One of my work colleagues daughter plays football (she is about 13). Her sides manager was relieved of his duties over the summer. The reason being was that his daughter had been recruited by a better club, and, understandably, he wants to watch her play. This meant he could not be there on the touchline on game day. He offered to coach the girls twice a week, mid-week, but on a Saturday he would not be anywhere to be seen.

This was deemed unacceptable by the parents of the other children. They did not want a part time coach. They did not want someone who was not fully committed to their girls. And he was told he would not be managing the girls next season.

As for The Telegraph article. It is a load of Bull. Where to start.

“Sources around Arsenal believe Wenger does not want anybody at the club’s London Colney training ground who may be prepared to challenge him or be seen as a possible threat to his position in the future.”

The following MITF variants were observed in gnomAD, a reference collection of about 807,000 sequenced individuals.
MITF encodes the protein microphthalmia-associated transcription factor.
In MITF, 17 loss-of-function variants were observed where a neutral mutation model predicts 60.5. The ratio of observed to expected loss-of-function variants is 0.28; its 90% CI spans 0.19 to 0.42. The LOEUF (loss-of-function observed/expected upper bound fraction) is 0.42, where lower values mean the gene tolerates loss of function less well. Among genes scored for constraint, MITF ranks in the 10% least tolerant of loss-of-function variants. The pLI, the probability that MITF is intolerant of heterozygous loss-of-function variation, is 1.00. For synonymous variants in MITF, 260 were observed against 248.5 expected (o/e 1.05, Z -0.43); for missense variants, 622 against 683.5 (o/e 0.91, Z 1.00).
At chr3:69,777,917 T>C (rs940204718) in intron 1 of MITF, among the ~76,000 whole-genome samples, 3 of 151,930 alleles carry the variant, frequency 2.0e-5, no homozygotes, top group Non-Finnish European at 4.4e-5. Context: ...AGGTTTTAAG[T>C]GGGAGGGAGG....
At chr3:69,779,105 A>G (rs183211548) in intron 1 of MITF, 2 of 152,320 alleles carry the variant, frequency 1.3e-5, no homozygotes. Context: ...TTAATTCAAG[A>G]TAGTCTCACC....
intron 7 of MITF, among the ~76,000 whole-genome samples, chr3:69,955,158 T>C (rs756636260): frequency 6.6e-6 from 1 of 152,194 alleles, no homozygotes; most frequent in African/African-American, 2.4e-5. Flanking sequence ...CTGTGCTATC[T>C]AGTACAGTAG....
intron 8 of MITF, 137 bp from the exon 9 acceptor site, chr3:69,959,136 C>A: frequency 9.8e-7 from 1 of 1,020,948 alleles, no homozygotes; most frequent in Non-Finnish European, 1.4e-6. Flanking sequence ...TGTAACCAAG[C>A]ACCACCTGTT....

Who is your source? Where is your quote? Or is your source Twitter rumours?

Vieira was not allowed a senior role at Arsenal under Wenger even though he did not have any other commitments…Vieira accepted a youth development role at Manchester City.”

Again, another miss truth. Patrick Vieira was a Manchester City player when he was encouraged to retire with a year left on his contract. He took a job at Manchester City on the same terms as his player contract. Something that Arsenal would have been ludicrous to match.

“It is still a source of embarrassment to many people who work at Arsenal that Vieira has played a key role in City becoming a fierce rival of the Gunners.”

Is it really? Who is your source? Where is your quote? Or is your source Twitter rumours?

“Wenger stalled over how he could fit Arteta into his staff, allowing Guardiola to make him a first-team coach.”

This is the first I have heard of this. From what it looked like, Arteta had worked under Wenger for 5 years, and wanted to continue his development under a different manager, to make himself a more rounded coach.